He "will directly address the judge at the hearing," a lawyer for Martin told NBC News on Wednesday. Martin will deny he had any romantic or sexual relationship with his nephew and will challenge accusations that he stalked and harassed his nephew, the lawyer said.
The allegations emerged July 1 when a judge granted a temporary restraining order against Martin under Puerto Rico’s Domestic Violence Prevention and Intervention Law, also known as Act 54, court documents obtained by Telemundo and shared with NBC News show.
The name of the person who requested the protection order was redacted from the documents because cases brought forward under Act 54 are considered civil and confidential to protect the identity of the person coming forward with the allegations.
However, after rumors emerged online last week, Martin’s representatives confirmed that the son of the singer's half sister had requested a protection order against Martin.
He went to the court voluntarily to request the order, claiming he sustained a romantic relationship with Martin for seven months and now “fears for his safety,” the protection order reads.
“They separated 2 months ago but the respondent does not accept the separation,” he said of Martin, according to the protection order, adding that the singer “calls him frequently.” He also accused Martin of “hanging around his residence on at least 3 occasions.”
Based on these claims, a judge granted the temporary restraining order set to expire Thursday, the day of the court hearing.
Marty Singer, one of Martin’s attorneys, previously told NBC News that “the person who made this claim is struggling with deep mental health challenges. Ricky Martin has, of course, never been — and would never be — involved in any kind of sexual or romantic relationship with his nephew.”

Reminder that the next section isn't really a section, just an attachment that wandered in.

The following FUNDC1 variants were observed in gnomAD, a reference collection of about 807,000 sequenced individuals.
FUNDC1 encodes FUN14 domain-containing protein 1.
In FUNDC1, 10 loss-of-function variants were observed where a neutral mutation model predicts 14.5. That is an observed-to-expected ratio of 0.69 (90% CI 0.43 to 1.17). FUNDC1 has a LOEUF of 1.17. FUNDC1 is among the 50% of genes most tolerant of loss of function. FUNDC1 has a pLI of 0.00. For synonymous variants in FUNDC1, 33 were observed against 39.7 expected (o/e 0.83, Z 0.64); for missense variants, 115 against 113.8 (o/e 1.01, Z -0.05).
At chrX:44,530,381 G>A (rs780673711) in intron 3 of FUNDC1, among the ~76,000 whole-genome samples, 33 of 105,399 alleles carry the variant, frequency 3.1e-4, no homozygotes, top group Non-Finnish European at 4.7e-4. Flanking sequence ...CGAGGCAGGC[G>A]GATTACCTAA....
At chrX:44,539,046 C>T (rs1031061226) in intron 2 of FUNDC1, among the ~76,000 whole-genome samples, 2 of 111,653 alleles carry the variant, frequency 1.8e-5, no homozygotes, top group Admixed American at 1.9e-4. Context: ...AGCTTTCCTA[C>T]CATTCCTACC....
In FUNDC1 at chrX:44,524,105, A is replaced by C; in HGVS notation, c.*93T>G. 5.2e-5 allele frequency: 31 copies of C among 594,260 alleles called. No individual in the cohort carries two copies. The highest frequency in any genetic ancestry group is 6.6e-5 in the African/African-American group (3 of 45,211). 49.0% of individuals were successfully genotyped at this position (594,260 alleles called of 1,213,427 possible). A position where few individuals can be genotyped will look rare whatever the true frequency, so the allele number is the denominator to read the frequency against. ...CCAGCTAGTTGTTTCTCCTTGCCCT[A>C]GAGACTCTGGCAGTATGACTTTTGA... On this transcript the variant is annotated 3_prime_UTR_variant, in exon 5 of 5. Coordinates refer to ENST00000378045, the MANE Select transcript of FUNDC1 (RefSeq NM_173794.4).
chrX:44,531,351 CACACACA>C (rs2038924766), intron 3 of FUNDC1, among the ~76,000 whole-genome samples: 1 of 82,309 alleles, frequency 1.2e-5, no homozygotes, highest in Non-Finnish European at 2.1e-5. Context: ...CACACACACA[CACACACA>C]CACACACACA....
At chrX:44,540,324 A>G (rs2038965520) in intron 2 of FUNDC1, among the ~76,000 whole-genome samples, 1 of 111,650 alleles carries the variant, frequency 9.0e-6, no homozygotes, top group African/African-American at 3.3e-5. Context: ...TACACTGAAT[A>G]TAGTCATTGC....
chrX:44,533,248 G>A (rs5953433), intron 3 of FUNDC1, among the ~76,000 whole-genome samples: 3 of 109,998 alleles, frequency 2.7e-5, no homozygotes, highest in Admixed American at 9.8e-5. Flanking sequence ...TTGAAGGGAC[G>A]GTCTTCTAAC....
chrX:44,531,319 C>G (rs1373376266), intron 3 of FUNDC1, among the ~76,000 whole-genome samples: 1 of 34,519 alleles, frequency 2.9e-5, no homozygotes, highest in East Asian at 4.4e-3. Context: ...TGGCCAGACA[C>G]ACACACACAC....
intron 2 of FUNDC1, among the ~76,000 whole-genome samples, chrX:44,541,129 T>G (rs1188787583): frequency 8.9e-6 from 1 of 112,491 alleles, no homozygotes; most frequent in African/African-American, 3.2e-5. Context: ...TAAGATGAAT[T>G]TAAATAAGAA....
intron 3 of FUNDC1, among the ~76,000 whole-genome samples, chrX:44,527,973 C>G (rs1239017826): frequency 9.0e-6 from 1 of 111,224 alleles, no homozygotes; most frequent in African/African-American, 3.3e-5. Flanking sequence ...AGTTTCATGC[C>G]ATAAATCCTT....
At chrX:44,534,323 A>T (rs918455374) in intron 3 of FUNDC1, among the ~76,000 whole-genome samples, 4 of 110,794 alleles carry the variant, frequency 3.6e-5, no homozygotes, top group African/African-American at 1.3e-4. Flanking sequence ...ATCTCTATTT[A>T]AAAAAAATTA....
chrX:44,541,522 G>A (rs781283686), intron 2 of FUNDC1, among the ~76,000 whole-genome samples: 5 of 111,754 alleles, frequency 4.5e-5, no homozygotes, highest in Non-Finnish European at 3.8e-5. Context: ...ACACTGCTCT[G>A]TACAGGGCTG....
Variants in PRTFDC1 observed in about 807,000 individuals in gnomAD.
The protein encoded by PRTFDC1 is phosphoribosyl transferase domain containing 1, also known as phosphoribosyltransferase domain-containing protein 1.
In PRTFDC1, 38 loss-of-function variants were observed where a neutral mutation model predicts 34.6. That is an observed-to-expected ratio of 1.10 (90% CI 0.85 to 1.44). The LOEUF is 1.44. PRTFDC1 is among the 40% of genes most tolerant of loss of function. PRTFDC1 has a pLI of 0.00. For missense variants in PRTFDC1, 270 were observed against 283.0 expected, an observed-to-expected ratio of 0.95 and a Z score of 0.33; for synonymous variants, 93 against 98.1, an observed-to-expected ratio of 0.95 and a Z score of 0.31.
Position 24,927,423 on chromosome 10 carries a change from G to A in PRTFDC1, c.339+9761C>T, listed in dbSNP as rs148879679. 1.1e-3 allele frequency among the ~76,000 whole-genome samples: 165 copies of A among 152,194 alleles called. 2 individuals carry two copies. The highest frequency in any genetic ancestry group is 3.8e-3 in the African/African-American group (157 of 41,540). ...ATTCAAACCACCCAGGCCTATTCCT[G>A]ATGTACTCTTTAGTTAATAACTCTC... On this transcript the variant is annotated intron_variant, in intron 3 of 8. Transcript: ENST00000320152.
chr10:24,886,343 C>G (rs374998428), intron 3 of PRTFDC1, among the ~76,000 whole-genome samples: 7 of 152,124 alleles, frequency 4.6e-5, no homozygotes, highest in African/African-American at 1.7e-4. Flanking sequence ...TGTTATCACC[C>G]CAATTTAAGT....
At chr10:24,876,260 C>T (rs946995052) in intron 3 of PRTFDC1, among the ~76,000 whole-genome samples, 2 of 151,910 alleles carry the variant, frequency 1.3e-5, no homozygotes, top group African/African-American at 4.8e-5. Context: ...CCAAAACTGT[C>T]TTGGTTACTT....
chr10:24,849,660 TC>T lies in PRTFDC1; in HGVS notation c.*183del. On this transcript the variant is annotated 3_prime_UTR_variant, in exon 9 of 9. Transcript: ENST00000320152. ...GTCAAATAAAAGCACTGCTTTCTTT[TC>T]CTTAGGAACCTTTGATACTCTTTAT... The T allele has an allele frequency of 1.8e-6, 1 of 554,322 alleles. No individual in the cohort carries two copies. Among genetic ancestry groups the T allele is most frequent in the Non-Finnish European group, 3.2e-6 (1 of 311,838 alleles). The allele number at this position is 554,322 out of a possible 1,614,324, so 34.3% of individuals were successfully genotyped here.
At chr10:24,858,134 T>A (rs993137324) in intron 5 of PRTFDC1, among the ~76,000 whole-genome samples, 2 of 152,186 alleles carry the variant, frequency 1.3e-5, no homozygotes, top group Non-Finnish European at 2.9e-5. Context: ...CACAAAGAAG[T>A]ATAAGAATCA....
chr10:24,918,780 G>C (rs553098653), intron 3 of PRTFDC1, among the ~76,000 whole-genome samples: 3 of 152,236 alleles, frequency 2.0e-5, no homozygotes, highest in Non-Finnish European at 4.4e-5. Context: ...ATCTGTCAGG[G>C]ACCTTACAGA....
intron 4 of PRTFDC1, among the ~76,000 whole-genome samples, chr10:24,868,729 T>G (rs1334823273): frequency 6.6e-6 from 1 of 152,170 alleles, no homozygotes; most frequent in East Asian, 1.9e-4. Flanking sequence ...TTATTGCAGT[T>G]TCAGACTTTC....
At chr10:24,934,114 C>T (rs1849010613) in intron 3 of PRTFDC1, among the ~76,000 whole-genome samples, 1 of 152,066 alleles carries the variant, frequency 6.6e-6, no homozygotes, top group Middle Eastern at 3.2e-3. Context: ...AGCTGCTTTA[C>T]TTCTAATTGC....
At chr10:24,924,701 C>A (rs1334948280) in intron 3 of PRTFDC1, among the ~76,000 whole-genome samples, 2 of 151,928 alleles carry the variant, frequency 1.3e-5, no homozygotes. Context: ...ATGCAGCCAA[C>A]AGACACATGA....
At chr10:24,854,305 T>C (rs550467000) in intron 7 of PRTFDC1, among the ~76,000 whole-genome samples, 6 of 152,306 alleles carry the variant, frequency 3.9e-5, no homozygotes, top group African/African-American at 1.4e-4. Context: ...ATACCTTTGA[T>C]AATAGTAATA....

In a Facebook livestream this month, Eric Martin, one of the singer's half brothers, also said the allegations were made by a nephew who suffers from "mental health problems."
On Wednesday afternoon, Puerto Rico police said in a statement that a man filed a complaint reporting he received two intimidating phone calls on Tuesday night.
While police named the person who filed the complaint, Martin’s nephew, NBC News does not typically identify victims of alleged domestic abuse.
The man told police he answered a phone call from a Canadian area code at 9:05 p.m. and heard a man's voice "threatening him with death if he spoke at the hearing," the police statement said. One minute later, he received another phone call from a New York number in which a man named the street where he lives.
Both numbers appear to be disconnected as of Wednesday evening.
Representatives for Martin did not immediately respond to a request for comment regarding the phone calls.
Following Thursday's hearing, a judge will determine whether to expand the protection order for a longer period of time or dismiss the case.
The court hearing is set to take place at the San Juan Municipal Court.
Martin is expected to appear remotely since he is in Los Angeles preparing to perform at the Hollywood Bowl this weekend, his representatives said.
On July 3, Martin released his own statement on Twitter, saying the “protection order entered against me is based on completely false allegations, so I will respond through the judicial process with the facts and the dignity that characterizes me."
"I am grateful for the countless messages of solidarity, and I receive them with all my heart,” he added.